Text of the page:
It had not previously been clear how PC levels change in ARDS. The concentrations of PC (33:6) and PC (32:0) were increased in sepsis-induced ARDS patients as compared to non-ARDS controls. However, according to a recent study, plasma PC concentrations, mainly in the PC (18:2) series, were significantly lower in ARDS patients than in normal controls, which was thought to be due to abnormal changes in PC synthesis in the liver of ARDS patients . However, in our results, PC (33:6) and PC (32:0) levels were higher in sepsis-induced ARDS patients than in the controls, suggesting that the direction of increase or decrease may be different for each PC series. While several studies have found an increase in PC levels in sepsis patients [31,32,33], other studies have shown a decrease in these patients as compared to normal controls [31, 32, 34, 35]. In one study, the PC (34:3) level was significantly lower in patients with pneumonia as a primary focus of sepsis than in patients with other primary foci, such as intra-abdominal, urinary tract, or blood stream infections. On the other hand, a high PC (34:1) level was shown to be a prognostic marker suggestive of septic shock in a pneumonia group . These results suggest that PC species containing long-chain fatty acids can be important metabolites in sepsis-induced lung injury or ARDS.
We confirmed that the metabolites that showed the most significant difference between sepsis-induced direct and indirect ARDS were lysoPCs, including lysoPC (17:6), lysoPC (18:0), and lysoPC (16:0). The concentrations of lysoPC in the sepsis-induced ARDS groups were significantly decreased as compared with the non-ARDS control group, while the direct ARDS group showed higher levels than did the indirect ARDS group. LysoPC is a lipid mediator derived from membrane PC, which has been suggested to regulate immune responses. PC is hydrolyzed by phospholipase A2 (PLA2), resulting in the production of lysoPC . LysoPC is known to contribute to inflammation by increasing chemokine production and activating endothelium, neutrophils, monocytes, macrophages, and lymphocytes . However, the role of lysoPCs in ARDS has not yet been clearly elucidated. Although there were differences in the change in lysoPC levels in each study, the enzymes involved in this process have been suggested to be biomarkers for ARDS or acute lung injury . In a preclinical study on the activity of type II PLA2, the concentration of lysoPC in BAL fluid was higher than that of controls with a higher activity of type II PLA2 . In clinical studies, PLA2 activity in BAL fluid and plasma of patients were also increased as compared to controls [40, 41]. Additionally, when comparing direct and indirect ARDS, PLA2 activity was higher in direct ARDS cases . On the other hand, studies of sepsis patients showed the opposite results. In sepsis patients, serum lysoPC levels were lower than those in controls, and among them, lysoPC (16:0) and (18:0) were decreased . Lower concentrations of serum or plasma lysoPC predicted worse outcomes , and the ratio of lysoPC/PC was lower in sepsis patients than in healthy controls . In our study, the decrease in serum lysoPCs was similar to that seen in sepsis. However, higher concentrations in direct than in indirect ARDS patients were consistent with previous studies showing increased results of lysoPC (16:0) and lysoPC (18:0) in lung diseases with epithelial damage . That is, our results appear to be primarily based on biological changes in sepsis because our study patients had ARDS based on sepsis. But, since they showed metabolic differences following direct or indirect lung injury, the corresponding lysoPCs could be important markers for differentiating between the two subphenotypes of ARDS.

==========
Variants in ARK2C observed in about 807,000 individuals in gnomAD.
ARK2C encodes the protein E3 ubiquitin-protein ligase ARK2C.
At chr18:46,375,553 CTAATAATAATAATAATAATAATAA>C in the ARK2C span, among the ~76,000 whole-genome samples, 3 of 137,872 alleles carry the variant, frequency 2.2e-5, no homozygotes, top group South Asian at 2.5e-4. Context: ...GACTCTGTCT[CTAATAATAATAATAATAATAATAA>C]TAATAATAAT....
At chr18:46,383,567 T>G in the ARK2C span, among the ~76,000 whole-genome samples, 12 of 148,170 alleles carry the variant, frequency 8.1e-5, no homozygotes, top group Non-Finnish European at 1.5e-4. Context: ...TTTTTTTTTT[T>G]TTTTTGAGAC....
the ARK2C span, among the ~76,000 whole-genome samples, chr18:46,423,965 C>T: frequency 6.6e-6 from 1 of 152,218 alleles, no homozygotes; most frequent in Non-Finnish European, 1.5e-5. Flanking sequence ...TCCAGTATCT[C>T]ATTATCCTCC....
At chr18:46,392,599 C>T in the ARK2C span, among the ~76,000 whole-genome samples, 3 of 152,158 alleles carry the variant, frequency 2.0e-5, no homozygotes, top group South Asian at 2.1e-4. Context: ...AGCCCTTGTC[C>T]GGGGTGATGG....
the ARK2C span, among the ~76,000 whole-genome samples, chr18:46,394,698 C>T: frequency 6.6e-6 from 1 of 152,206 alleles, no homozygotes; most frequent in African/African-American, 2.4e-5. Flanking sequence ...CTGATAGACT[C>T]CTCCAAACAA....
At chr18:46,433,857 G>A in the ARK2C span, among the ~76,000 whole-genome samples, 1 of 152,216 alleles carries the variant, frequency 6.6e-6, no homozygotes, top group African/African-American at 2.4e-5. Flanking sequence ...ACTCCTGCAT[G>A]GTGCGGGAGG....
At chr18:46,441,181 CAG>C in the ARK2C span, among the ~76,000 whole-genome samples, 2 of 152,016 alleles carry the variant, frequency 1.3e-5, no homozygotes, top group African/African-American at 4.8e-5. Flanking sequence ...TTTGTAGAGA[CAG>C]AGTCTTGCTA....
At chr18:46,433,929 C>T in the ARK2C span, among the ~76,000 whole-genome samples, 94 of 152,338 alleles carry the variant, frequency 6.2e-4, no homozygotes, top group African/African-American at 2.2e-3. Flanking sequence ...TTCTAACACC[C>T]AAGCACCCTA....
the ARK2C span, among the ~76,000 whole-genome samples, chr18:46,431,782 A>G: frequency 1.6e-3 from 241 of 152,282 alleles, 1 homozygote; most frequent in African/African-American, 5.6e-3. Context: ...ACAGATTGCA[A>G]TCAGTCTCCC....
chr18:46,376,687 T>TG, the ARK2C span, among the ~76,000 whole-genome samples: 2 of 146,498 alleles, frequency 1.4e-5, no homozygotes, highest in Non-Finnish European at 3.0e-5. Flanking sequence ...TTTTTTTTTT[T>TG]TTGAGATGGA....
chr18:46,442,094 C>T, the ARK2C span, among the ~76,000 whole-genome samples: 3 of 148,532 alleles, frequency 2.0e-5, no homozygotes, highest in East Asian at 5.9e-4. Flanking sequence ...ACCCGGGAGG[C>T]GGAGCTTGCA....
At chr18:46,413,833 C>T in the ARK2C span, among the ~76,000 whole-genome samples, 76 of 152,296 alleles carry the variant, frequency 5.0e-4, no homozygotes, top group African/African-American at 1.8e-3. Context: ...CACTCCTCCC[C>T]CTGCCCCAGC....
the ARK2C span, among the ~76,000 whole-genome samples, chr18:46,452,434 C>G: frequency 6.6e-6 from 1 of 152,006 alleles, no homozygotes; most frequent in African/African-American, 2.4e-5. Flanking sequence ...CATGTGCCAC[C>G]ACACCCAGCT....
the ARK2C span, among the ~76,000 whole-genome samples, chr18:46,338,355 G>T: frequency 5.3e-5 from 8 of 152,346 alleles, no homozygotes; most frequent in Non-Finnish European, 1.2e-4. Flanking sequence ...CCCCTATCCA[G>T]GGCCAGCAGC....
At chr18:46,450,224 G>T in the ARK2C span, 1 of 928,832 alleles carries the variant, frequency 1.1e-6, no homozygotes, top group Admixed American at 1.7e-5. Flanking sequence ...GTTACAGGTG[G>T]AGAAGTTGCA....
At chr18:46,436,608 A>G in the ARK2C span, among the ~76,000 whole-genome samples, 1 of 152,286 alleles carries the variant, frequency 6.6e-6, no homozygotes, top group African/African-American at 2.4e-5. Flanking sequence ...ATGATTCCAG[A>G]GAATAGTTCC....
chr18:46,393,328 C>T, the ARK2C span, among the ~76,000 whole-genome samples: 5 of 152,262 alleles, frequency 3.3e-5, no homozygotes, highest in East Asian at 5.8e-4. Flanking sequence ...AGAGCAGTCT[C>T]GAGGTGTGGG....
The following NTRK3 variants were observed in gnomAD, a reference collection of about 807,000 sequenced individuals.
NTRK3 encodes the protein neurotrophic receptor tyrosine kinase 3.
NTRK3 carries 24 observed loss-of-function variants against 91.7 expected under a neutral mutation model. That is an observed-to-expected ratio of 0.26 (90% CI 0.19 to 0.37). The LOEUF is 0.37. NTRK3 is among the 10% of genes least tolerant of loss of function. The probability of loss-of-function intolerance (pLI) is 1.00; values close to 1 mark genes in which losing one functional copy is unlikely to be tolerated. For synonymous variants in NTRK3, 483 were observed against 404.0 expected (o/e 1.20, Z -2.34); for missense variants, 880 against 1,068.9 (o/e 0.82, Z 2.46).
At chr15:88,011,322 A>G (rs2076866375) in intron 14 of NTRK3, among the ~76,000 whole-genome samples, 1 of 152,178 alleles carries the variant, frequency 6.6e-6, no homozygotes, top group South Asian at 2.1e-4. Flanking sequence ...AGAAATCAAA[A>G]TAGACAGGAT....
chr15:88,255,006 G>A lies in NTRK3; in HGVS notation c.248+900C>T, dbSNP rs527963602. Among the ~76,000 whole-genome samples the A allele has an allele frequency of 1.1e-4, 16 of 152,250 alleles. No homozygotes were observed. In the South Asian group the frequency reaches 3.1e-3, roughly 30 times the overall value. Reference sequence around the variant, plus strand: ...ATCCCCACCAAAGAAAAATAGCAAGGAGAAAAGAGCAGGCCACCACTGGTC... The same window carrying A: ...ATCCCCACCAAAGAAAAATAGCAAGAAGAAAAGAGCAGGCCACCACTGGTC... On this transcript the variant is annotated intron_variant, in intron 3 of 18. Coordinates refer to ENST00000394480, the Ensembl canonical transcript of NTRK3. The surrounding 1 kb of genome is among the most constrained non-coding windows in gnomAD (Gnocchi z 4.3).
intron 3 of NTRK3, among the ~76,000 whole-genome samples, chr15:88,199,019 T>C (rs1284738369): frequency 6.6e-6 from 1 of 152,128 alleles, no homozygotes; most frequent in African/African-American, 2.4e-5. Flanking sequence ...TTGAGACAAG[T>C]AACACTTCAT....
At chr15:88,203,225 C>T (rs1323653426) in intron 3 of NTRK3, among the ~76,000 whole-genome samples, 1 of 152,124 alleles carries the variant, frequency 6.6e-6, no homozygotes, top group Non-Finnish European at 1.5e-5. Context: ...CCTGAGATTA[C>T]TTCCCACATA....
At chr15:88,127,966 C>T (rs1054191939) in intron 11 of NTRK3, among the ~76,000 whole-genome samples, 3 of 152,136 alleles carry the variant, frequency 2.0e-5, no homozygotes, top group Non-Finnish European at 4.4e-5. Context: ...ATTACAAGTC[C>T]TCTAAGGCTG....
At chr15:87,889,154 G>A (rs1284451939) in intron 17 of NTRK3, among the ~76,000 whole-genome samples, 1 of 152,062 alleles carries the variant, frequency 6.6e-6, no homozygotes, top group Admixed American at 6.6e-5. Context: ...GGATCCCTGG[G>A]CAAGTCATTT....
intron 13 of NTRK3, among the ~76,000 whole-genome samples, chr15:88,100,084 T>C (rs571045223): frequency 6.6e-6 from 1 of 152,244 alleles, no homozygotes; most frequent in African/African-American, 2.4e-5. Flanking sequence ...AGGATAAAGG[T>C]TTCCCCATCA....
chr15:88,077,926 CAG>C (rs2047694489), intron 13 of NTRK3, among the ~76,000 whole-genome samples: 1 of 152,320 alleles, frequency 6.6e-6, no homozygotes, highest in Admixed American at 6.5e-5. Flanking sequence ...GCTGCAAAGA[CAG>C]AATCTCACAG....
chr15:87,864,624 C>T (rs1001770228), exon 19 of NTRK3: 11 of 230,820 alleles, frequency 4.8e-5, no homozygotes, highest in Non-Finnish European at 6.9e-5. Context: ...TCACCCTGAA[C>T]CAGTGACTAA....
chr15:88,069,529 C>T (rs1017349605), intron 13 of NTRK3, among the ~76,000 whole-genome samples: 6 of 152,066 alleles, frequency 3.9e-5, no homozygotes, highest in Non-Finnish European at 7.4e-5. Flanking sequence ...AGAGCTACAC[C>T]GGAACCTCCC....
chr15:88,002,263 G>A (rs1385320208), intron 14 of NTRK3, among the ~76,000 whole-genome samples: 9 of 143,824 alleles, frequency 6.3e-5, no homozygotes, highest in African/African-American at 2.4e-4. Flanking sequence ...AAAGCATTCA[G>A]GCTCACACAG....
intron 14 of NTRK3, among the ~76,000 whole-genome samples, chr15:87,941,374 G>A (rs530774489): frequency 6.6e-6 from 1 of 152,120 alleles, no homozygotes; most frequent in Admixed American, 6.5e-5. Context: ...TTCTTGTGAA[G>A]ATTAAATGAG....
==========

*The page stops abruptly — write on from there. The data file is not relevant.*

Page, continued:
We identified that sphingolipid metabolism is an important pathway for distinguishing between sepsis-induced direct and indirect ARDS patients, and confirmed that there was a difference in S1P. S1P is a naturally occurring bioactive sphingolipid generated by sphingomyelin metabolism . It is generated by the phosphorylation of sphingosine, catalyzed by sphingosine kinases (SphKs) 1 and 2, and is catabolized by lipid phosphate phosphatases, S1P phosphatases, and S1P lyase . S1P plays an important role in the vascular and immune systems . In acute lung injury, S1P has been recognized as a potent angiogenic factor enhancing lung endothelial integrity and inhibiting vascular permeability [45, 47]. Previous studies showed different results, depending on whether it was a preclinical or clinical study [48,49,50,51,52]. Preclinical studies showed upregulation of S1P in lung tissues, BAL fluid, and plasma in cases with acute lung injury [48,49,50], whereas a clinical study showed lower serum S1P levels in ARDS patients , which was consistent with our results. In addition, we observed a distinct pattern between direct and indirect ARDS at the level of sphingosine. In indirect ARDS patients, sphingosine was upregulated as compared to non-ARDS controls or direct ARDS patients. This result suggested that the following three mechanisms can be a clue to distinguishing between indirect and direct ARDS: 1) activation of S1P phosphatases, which are rate limiting enzymes for reversing S1P into sphingosine; 2) inactivation of SphKs, which convert sphingosine to S1P; or 3) upregulation of the S1P receptor. However, this will require further research, as we could not confirm the activity of these enzymes in each group.